I mentioned that I received an Accordance module of codices from the Massengills and Cerones for my birthday. Well, yesterday I was finally able to sit down and dabble. To my delight I found a phenomenon of which all students of textual criticism are made aware early in their careers.
The nomina sacra “sacred name.” When the word κυριος “Lord” is used with reference to the divine, it is abbreviated as ΚΥ with a macron spanning the two letters. You too can see this phenomenon in Codex Sinaiticus in this image. Train your eye on the third line in the middle of the text: ΓΕΛΟCΚΥΦΑΙΝΕ. I know that this is not a new find and may be very mundane for many, but to be given the opportunity to look at an ancient manuscript and see with my own eyes this scribal practice was nothing less than exhilarating.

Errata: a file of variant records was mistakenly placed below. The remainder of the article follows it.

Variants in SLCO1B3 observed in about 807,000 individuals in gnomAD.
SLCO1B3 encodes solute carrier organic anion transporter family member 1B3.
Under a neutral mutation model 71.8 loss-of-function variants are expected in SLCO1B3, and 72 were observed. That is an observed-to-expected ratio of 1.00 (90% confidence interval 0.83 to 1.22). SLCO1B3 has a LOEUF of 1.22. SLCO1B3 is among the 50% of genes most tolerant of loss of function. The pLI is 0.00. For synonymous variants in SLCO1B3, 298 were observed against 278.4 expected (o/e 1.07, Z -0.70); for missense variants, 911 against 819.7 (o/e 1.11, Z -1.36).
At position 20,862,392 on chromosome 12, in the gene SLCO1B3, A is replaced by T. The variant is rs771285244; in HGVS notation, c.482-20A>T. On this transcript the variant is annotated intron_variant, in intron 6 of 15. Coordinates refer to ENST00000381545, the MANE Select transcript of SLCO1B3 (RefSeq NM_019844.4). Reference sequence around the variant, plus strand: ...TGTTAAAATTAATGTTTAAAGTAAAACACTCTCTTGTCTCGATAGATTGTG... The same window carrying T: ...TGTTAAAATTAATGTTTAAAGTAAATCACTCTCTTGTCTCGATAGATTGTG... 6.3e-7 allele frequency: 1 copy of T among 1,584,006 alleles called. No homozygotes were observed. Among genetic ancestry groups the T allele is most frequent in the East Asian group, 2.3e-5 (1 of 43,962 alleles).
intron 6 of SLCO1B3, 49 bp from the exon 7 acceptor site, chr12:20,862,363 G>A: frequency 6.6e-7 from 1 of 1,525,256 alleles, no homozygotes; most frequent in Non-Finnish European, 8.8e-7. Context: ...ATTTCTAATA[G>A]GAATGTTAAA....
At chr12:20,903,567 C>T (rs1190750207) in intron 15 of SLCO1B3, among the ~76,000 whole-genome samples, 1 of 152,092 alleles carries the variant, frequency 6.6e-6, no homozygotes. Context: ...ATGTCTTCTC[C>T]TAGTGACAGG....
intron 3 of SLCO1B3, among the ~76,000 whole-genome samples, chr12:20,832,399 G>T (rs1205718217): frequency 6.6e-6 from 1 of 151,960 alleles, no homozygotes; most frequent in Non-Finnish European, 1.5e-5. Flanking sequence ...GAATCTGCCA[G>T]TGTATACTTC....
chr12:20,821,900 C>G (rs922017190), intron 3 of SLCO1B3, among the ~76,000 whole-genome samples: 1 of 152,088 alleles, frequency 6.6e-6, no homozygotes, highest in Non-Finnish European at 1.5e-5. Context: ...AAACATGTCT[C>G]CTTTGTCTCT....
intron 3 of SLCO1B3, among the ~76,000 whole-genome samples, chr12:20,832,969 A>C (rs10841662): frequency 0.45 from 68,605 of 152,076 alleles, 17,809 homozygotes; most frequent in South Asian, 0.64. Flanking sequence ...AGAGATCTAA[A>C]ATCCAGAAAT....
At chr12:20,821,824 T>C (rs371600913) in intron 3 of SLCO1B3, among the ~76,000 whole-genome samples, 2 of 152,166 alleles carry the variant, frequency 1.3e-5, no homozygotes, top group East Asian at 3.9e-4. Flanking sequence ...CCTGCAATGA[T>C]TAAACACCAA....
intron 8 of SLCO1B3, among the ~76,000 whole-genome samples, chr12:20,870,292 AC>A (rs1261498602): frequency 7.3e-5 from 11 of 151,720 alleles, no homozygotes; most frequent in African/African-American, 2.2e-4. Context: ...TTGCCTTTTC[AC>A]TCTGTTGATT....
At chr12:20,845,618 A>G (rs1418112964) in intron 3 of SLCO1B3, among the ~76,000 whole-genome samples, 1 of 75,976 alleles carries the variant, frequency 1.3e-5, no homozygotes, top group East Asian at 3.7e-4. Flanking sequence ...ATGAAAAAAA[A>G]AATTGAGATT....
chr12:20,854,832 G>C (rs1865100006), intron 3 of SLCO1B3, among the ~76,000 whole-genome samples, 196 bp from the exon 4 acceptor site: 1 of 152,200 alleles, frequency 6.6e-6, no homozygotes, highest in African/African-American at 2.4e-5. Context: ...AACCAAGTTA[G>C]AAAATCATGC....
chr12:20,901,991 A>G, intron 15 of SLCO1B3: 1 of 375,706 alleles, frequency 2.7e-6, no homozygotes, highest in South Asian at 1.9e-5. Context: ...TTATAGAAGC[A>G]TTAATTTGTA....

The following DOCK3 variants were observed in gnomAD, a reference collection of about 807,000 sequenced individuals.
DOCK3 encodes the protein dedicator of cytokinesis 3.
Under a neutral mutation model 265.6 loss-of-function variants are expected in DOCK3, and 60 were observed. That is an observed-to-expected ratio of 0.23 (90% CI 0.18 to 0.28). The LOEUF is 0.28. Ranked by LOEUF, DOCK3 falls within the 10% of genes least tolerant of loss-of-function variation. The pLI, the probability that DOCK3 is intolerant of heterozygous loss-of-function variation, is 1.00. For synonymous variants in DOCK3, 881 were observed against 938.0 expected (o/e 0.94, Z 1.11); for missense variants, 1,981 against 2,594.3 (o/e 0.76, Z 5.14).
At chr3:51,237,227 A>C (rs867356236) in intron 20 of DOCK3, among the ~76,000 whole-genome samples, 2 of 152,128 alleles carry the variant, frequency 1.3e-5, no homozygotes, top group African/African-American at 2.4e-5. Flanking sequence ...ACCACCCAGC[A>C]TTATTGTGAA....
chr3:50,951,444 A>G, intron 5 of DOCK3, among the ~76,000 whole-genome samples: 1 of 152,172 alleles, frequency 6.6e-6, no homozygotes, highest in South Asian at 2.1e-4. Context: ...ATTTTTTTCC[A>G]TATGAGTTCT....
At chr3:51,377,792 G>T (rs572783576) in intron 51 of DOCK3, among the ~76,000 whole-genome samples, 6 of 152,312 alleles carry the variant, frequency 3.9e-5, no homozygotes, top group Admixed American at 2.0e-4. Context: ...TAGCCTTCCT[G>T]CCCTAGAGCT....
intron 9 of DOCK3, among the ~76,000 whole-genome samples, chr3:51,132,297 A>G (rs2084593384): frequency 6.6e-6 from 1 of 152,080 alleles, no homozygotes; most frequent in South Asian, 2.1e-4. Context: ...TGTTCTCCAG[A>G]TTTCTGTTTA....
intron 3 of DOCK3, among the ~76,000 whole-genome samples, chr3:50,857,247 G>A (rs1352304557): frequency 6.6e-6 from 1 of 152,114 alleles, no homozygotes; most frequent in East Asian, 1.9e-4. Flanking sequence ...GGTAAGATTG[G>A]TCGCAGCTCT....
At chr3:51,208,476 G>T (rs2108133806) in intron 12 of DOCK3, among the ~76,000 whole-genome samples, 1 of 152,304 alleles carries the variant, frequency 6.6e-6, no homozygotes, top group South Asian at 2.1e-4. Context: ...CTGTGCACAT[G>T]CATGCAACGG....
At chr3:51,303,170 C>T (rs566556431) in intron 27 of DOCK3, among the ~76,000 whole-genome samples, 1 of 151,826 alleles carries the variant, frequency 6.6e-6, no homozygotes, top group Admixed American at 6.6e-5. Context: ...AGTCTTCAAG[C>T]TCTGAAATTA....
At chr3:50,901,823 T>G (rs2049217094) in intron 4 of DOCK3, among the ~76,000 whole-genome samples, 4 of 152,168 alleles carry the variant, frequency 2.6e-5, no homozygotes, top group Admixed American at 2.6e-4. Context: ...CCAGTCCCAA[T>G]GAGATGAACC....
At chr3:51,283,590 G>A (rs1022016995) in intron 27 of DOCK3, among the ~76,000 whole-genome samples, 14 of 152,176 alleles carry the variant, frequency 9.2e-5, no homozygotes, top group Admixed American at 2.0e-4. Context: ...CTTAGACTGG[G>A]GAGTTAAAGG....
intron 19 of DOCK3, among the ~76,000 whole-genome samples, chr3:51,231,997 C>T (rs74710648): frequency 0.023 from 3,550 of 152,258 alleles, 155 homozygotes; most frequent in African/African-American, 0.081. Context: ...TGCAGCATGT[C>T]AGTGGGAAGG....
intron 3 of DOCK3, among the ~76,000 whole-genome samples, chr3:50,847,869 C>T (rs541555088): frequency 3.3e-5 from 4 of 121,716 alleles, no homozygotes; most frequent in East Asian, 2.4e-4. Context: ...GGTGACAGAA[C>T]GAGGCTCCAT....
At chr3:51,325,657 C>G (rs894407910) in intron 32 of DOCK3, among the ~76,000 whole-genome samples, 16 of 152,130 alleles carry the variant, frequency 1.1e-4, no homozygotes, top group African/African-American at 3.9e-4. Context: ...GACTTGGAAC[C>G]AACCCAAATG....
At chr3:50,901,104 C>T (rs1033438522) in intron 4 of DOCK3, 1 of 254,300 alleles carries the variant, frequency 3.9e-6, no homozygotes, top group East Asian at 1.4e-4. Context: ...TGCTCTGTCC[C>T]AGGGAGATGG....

Now if that was exhilarating, imagine what I felt when I found this as I was reading through Matt 2:6: ΙΗΛ. You can see this at the very bottom right of the image. It is the last three letters of the excerpt. I’ve never learned the Greek word “Iel.” That’s because this is an abbreviation for ΙCΡΑΗΛ, Ισραηλ, or Israel. No, this is not a significant find, but I was never told to expect any abbreviations in the ancient texts other than the nomina sacra.
An aside for the attentive observer… Sinaiticus is an Uncial text. Uncial texts are characterized by continuous writing (no breaks in the text to differentiate where one word ends and another begins), no punctuation, and most importantly all letters are capitalized. These features make for a very slow and interesting read.